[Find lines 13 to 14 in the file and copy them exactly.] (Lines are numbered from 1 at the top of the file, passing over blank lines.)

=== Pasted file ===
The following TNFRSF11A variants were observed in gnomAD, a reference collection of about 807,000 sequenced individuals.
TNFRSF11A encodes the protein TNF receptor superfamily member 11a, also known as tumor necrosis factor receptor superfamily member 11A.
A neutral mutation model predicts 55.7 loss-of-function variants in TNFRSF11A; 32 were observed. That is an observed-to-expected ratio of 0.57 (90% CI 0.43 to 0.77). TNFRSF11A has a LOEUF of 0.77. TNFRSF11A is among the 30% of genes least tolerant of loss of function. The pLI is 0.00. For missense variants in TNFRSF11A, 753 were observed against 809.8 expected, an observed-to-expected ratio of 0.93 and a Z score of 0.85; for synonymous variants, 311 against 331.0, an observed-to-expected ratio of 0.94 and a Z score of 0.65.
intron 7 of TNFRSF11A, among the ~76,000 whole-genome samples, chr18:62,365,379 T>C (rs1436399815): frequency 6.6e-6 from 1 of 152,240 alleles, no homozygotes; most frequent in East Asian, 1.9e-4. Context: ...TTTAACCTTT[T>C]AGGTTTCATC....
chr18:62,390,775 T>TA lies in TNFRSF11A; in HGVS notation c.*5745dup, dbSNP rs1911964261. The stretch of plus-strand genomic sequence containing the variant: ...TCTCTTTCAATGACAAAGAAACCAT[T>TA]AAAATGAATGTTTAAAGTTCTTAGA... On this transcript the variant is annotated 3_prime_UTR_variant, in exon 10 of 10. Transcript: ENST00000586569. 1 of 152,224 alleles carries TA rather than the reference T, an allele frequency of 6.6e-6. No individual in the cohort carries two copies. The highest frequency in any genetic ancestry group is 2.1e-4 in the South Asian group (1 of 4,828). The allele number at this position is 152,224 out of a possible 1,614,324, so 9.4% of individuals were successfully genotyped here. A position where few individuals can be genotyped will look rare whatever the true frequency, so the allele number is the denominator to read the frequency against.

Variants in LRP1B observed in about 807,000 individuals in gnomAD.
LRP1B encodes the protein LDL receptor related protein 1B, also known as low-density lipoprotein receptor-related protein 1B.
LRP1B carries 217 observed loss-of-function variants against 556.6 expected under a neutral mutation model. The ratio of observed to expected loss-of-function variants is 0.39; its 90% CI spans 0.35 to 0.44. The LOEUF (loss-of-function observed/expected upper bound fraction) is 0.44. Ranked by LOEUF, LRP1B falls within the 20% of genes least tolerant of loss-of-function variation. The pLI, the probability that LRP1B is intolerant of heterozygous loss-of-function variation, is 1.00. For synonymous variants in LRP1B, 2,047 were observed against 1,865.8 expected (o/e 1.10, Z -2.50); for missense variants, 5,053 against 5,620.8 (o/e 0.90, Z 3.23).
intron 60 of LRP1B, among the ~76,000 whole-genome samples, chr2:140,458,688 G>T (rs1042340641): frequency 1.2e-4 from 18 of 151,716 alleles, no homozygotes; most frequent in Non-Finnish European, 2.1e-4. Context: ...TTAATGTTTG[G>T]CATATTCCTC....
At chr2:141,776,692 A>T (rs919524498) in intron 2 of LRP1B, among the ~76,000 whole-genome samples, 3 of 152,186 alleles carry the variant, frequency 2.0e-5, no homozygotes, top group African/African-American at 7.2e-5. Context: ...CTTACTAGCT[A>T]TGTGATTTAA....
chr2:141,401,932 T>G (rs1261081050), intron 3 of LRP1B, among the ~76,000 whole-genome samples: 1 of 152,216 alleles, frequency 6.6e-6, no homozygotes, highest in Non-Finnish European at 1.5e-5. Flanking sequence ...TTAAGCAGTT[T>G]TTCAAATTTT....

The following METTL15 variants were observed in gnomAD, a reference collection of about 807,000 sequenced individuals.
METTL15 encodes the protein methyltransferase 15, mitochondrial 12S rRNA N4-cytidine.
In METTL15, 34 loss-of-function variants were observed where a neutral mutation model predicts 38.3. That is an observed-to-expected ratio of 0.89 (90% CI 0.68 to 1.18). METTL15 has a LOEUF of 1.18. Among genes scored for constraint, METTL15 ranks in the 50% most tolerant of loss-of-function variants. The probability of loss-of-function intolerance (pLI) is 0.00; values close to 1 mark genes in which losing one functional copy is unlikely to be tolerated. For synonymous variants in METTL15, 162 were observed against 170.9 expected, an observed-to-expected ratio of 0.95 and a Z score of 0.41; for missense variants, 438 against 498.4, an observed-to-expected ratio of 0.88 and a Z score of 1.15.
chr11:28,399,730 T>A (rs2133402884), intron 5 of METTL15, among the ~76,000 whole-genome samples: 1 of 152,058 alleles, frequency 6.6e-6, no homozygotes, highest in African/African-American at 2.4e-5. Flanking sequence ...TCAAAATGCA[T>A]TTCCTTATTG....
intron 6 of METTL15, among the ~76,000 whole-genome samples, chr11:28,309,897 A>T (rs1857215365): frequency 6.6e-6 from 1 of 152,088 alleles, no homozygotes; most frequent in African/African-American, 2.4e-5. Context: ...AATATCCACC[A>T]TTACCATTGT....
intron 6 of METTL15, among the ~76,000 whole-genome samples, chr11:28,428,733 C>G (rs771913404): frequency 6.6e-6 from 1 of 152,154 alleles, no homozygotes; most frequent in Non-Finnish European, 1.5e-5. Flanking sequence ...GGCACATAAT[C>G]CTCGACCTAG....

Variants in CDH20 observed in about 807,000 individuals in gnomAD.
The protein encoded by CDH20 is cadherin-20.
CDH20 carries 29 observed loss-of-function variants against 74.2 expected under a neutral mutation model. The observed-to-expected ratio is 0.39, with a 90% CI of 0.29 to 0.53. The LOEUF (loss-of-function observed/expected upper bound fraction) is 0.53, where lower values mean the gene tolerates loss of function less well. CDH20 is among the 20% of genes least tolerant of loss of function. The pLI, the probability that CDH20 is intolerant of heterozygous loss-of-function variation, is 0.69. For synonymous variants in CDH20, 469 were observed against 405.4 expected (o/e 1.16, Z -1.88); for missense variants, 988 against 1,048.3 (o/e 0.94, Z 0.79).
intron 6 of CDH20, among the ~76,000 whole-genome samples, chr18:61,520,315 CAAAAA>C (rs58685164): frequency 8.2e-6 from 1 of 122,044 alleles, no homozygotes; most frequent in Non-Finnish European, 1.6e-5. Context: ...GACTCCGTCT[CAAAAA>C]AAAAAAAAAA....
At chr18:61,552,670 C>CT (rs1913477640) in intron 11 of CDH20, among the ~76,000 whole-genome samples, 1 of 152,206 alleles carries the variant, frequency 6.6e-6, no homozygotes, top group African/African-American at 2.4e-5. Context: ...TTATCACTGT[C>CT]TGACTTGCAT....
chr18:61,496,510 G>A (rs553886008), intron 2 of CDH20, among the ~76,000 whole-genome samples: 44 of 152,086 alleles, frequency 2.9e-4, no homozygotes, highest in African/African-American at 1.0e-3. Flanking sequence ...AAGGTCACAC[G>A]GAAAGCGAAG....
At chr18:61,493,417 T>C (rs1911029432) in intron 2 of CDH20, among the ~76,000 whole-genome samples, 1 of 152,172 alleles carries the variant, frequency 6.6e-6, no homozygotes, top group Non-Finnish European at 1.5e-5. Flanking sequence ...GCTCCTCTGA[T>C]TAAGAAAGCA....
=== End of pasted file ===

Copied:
METTL15 encodes the protein methyltransferase 15, mitochondrial 12S rRNA N4-cytidine.
In METTL15, 34 loss-of-function variants were observed where a neutral mutation model predicts 38.3. That is an observed-to-expected ratio of 0.89 (90% CI 0.68 to 1.18). METTL15 has a LOEUF of 1.18. Among genes scored for constraint, METTL15 ranks in the 50% most tolerant of loss-of-function variants. The probability of loss-of-function intolerance (pLI) is 0.00; values close to 1 mark genes in which losing one functional copy is unlikely to be tolerated. For synonymous variants in METTL15, 162 were observed against 170.9 expected, an observed-to-expected ratio of 0.95 and a Z score of 0.41; for missense variants, 438 against 498.4, an observed-to-expected ratio of 0.88 and a Z score of 1.15.